5 Ways to Measure Church Attendance

Church attendance is one of the most important metrics to pay attention to. But how do you get an accurate headcount without making it weird? You don’t want anyone to feel like they’re just a number, but you also want reliable data so you can see trends in church growth.

Here are five ways to measure church attendance:

1. Count the number of cars

Counting cars is a simple way to get a decent estimate of how many people show up on Sunday. This is especially easy if you have volunteers directing traffic in the parking lot. According to the Bureau of Transportation Statistics, recreational trips in the US (such as a drive to church) average 2.1 people per vehicle. After everyone shows up, count the number of cars in your parking lot and multiply it by 2.1.

2. Use a tally counter

You may remember these from your days of riding the school bus as a kid, but tally counters are an affordable way to count the number of people at your church without worrying about losing track. A mechanical tally counter is cheap, but an app is more discreet. Ideally, you’d use this in a way that people don’t notice (like with a greeter in the parking lot), so nobody feels like a number.

Keep in mind, tallying the number of attendees isn’t the only way to measure attendance, nor is it the only thing worth measuring at your church. As you brainstorm creative ways to keep track of growth and change at your church, discover what more you can be doing by downloading the free ebook, 5 Crucial Church metrics You’re Not Measuring, today.

3. Make a seat map

Creating a map of the seats in your sanctuary lets you send someone to mark which seats are empty or full instead of counting people. Then you can count the empty seats later. Assuming you have fewer empty seats than people, this saves you a lot of counting. Plus, to anyone watching, it looks like you’re finding open seats for anyone who comes in late. (Which is a good thing for a growing church to do, anyway!)

4. Get automated people counters

Automated counters use cameras to measure foot traffic in strategic locations. If you set one of these up at the main entrance to your building or the door to your sanctuary, you don’t have to have anyone physically count people, and you’ll probably wind up with more reliable data.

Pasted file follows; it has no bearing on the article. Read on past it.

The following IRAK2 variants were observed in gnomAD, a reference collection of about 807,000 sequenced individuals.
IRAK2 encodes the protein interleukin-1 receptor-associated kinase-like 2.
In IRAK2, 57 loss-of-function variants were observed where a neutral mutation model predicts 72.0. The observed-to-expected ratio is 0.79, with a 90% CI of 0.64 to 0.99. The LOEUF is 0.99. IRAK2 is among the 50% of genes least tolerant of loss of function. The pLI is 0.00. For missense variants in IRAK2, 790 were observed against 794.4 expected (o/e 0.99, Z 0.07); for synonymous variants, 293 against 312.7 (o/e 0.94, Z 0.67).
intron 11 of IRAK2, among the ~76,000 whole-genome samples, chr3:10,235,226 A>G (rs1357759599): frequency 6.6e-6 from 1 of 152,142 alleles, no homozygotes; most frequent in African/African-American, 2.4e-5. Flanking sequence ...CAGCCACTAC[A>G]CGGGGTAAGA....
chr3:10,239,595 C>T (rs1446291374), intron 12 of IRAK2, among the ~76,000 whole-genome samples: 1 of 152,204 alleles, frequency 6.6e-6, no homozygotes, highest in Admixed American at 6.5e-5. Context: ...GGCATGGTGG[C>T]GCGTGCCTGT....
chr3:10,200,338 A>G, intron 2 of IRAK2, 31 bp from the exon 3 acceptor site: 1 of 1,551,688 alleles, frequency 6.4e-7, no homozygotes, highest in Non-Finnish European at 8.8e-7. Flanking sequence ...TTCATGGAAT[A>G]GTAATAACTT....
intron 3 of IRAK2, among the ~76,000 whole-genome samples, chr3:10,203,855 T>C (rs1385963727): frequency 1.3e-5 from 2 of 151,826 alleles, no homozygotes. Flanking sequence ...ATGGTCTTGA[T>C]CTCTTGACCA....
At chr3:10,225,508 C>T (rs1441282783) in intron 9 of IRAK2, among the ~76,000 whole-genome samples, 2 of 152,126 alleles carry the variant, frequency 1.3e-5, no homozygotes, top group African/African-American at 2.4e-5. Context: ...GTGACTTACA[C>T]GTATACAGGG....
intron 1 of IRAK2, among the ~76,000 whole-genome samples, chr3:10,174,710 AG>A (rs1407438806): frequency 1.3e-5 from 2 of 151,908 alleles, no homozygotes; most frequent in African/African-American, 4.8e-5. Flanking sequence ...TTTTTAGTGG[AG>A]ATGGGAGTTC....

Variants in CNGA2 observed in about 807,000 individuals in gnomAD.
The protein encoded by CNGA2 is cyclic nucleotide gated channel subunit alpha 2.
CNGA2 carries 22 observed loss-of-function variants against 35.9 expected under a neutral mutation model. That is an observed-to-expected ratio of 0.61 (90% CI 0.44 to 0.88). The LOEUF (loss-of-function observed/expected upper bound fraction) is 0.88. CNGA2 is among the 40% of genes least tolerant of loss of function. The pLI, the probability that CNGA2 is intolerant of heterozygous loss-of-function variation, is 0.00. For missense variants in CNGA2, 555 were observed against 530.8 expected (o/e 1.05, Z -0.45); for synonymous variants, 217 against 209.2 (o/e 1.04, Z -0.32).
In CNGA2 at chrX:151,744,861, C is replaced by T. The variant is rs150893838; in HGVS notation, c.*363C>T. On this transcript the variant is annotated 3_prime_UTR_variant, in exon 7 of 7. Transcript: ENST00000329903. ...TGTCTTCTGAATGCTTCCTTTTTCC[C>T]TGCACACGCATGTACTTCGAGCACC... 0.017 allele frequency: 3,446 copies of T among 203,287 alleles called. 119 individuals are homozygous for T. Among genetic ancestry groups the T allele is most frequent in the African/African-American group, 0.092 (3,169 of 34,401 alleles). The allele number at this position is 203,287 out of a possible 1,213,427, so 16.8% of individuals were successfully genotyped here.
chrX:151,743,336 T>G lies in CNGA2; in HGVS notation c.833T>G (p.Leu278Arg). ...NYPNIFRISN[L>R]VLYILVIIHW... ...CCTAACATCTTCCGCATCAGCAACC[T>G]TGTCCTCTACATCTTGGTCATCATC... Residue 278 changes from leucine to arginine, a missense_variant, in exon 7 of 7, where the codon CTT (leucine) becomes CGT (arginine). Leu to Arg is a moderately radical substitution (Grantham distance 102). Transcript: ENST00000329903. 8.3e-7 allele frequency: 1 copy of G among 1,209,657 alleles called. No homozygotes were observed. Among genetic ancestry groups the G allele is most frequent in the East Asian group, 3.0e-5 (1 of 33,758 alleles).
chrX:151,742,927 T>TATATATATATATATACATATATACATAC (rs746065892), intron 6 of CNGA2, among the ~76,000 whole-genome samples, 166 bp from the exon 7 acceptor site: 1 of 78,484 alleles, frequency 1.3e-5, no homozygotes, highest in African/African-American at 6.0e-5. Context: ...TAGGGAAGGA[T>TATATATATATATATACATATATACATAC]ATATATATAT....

Some of these systems are pretty discreet, so depending on where you put it, people may not even notice it’s there.

5. Give every person a bulletin

If you print off 200 bulletins and hand out 127, it’s pretty safe to say you had at least 127 people in your service. Keep track of how many bulletins you print each weekend, then at the end of the service count how many you have left and subtract that from the number you printed. That’ll give you the number of people who attended. Not every person will take a bulletin, but you can always set one aside for every person who says they don’t want one. That way, you’ll still wind up with an accurate count.

Be Encouraged

Attendance can be a pain to deal with in a growing church. When your church was small, it was easy to do a quick, inconspicuous headcount every Sunday. But as you grow, you lose the luxury of being able to eyeball attendance. And that’s a great problem to have!

But you don’t have to reinvent the wheel. Using one of these methods, you can start reliably measuring the growth God is giving you.

Attendance is the most commonly tracked aspect of church life, however, there are other key metrics you should also be monitoring. Discover what metrics your church might be missing by downloading the free resource, 5 Crucial Church Metrics You’re Not Measuring, today. This ebook also talks through why you should be measuring certain things within your church and best practices for capturing those metrics.

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